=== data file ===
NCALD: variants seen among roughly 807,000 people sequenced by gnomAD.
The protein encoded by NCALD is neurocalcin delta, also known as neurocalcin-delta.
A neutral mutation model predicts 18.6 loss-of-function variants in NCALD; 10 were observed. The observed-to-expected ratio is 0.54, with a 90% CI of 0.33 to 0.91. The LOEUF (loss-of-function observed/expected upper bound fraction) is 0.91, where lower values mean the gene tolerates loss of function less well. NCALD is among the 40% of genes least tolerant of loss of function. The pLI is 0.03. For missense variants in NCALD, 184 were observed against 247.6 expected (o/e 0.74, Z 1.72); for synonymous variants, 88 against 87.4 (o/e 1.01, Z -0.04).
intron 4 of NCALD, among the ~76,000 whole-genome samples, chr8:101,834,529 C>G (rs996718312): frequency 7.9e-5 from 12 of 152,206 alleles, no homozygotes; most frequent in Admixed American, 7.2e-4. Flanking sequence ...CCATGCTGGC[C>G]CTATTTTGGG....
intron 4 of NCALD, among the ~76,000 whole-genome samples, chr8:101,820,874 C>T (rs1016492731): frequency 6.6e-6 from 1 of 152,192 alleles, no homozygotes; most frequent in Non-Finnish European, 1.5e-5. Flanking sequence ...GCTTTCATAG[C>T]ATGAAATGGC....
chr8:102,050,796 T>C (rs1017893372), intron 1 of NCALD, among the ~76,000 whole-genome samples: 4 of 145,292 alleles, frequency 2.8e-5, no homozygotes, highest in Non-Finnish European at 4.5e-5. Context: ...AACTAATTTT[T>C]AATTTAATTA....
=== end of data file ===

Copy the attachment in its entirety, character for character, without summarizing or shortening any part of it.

NCALD: variants seen among roughly 807,000 people sequenced by gnomAD.
The protein encoded by NCALD is neurocalcin delta, also known as neurocalcin-delta.
A neutral mutation model predicts 18.6 loss-of-function variants in NCALD; 10 were observed. The observed-to-expected ratio is 0.54, with a 90% CI of 0.33 to 0.91. The LOEUF (loss-of-function observed/expected upper bound fraction) is 0.91, where lower values mean the gene tolerates loss of function less well. NCALD is among the 40% of genes least tolerant of loss of function. The pLI is 0.03. For missense variants in NCALD, 184 were observed against 247.6 expected (o/e 0.74, Z 1.72); for synonymous variants, 88 against 87.4 (o/e 1.01, Z -0.04).
intron 4 of NCALD, among the ~76,000 whole-genome samples, chr8:101,834,529 C>G (rs996718312): frequency 7.9e-5 from 12 of 152,206 alleles, no homozygotes; most frequent in Admixed American, 7.2e-4. Flanking sequence ...CCATGCTGGC[C>G]CTATTTTGGG....
intron 4 of NCALD, among the ~76,000 whole-genome samples, chr8:101,820,874 C>T (rs1016492731): frequency 6.6e-6 from 1 of 152,192 alleles, no homozygotes; most frequent in Non-Finnish European, 1.5e-5. Flanking sequence ...GCTTTCATAG[C>T]ATGAAATGGC....
chr8:102,050,796 T>C (rs1017893372), intron 1 of NCALD, among the ~76,000 whole-genome samples: 4 of 145,292 alleles, frequency 2.8e-5, no homozygotes, highest in Non-Finnish European at 4.5e-5. Context: ...AACTAATTTT[T>C]AATTTAATTA....